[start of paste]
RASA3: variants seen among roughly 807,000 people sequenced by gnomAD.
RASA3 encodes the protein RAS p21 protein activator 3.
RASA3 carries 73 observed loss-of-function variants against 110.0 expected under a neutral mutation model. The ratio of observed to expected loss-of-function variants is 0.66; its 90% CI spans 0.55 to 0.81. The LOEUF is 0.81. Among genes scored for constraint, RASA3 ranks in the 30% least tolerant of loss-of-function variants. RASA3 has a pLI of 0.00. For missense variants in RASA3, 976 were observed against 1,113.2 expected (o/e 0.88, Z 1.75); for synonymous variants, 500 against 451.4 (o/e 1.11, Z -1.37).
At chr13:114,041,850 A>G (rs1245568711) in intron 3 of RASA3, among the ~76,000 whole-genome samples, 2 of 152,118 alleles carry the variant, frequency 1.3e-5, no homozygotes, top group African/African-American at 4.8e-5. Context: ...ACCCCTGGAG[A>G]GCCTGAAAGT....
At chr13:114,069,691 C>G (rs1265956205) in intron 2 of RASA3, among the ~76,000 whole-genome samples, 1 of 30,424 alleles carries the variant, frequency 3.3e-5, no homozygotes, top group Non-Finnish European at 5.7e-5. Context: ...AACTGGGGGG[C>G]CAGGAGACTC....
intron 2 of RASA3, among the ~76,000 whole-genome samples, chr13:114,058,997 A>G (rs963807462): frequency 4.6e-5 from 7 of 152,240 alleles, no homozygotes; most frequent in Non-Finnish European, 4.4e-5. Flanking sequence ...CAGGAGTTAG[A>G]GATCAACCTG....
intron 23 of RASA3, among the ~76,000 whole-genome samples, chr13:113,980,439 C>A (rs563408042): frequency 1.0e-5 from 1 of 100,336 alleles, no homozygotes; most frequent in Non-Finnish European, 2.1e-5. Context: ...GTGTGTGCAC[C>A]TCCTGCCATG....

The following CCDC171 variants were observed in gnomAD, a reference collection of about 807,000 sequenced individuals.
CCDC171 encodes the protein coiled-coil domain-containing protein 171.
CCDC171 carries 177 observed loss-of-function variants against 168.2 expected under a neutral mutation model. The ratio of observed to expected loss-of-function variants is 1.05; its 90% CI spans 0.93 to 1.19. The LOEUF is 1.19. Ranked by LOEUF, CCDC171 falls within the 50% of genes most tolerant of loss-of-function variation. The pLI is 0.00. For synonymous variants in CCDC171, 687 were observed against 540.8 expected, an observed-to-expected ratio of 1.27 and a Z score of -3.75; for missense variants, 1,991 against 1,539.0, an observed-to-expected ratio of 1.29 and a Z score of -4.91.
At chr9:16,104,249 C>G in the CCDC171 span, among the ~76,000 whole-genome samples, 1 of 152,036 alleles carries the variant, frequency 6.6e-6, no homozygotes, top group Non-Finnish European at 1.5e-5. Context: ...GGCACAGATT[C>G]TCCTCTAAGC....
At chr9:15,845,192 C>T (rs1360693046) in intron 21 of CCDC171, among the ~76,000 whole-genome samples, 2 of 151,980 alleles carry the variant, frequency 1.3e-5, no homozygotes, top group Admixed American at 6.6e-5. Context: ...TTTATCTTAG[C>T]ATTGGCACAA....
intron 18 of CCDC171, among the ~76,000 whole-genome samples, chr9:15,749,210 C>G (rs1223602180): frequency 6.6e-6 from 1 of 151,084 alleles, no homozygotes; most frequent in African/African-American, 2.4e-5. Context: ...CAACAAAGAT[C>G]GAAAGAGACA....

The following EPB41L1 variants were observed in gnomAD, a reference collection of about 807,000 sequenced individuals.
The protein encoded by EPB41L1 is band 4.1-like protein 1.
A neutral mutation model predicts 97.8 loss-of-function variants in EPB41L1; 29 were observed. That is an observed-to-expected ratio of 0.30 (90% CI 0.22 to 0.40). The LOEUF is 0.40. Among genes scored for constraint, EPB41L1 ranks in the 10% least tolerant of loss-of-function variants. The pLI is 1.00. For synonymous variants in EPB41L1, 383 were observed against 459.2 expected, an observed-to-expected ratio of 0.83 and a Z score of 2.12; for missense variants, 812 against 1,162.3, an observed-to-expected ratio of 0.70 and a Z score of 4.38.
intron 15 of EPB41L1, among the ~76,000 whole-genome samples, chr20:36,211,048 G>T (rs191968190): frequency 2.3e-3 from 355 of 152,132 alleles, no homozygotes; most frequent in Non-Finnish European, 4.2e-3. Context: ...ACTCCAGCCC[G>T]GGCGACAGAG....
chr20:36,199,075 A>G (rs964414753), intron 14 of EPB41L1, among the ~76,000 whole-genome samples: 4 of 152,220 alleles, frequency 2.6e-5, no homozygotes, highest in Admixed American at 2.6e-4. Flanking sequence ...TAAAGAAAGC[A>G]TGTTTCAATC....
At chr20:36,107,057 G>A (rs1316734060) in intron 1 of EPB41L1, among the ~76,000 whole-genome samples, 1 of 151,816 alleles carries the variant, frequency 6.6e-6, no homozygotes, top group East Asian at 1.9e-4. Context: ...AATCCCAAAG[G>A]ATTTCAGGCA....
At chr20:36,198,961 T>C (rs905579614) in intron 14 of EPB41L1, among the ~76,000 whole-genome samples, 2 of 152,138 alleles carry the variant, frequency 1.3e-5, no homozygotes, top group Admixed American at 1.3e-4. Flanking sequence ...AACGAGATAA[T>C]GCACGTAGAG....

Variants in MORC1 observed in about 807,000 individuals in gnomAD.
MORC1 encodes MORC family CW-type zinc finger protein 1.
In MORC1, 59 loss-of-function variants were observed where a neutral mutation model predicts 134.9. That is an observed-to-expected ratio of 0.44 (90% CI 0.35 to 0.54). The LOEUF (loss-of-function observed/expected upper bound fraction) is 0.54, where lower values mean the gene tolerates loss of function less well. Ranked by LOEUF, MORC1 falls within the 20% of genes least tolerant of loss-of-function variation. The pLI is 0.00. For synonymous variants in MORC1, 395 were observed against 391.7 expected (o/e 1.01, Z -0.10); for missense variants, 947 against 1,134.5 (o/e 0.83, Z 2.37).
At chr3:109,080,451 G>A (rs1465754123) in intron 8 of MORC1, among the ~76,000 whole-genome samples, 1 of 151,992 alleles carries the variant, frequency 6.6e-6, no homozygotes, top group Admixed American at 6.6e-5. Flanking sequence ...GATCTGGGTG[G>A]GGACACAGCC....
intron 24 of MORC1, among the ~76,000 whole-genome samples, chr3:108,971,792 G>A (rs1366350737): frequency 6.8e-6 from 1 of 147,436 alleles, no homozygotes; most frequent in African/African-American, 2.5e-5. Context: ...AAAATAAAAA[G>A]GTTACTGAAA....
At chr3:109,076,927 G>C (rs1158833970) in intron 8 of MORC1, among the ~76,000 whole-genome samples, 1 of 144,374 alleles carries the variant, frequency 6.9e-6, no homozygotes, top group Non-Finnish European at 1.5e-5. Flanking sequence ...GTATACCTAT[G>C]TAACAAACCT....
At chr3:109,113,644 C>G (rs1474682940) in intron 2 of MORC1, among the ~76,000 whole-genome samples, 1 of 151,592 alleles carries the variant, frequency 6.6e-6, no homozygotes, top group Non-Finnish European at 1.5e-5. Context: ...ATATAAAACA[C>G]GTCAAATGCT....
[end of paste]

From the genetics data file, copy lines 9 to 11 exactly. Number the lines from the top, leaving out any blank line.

CCDC171 encodes the protein coiled-coil domain-containing protein 171.
CCDC171 carries 177 observed loss-of-function variants against 168.2 expected under a neutral mutation model. The ratio of observed to expected loss-of-function variants is 1.05; its 90% CI spans 0.93 to 1.19. The LOEUF is 1.19. Ranked by LOEUF, CCDC171 falls within the 50% of genes most tolerant of loss-of-function variation. The pLI is 0.00. For synonymous variants in CCDC171, 687 were observed against 540.8 expected, an observed-to-expected ratio of 1.27 and a Z score of -3.75; for missense variants, 1,991 against 1,539.0, an observed-to-expected ratio of 1.29 and a Z score of -4.91.
At chr9:16,104,249 C>G in the CCDC171 span, among the ~76,000 whole-genome samples, 1 of 152,036 alleles carries the variant, frequency 6.6e-6, no homozygotes, top group Non-Finnish European at 1.5e-5. Context: ...GGCACAGATT[C>G]TCCTCTAAGC....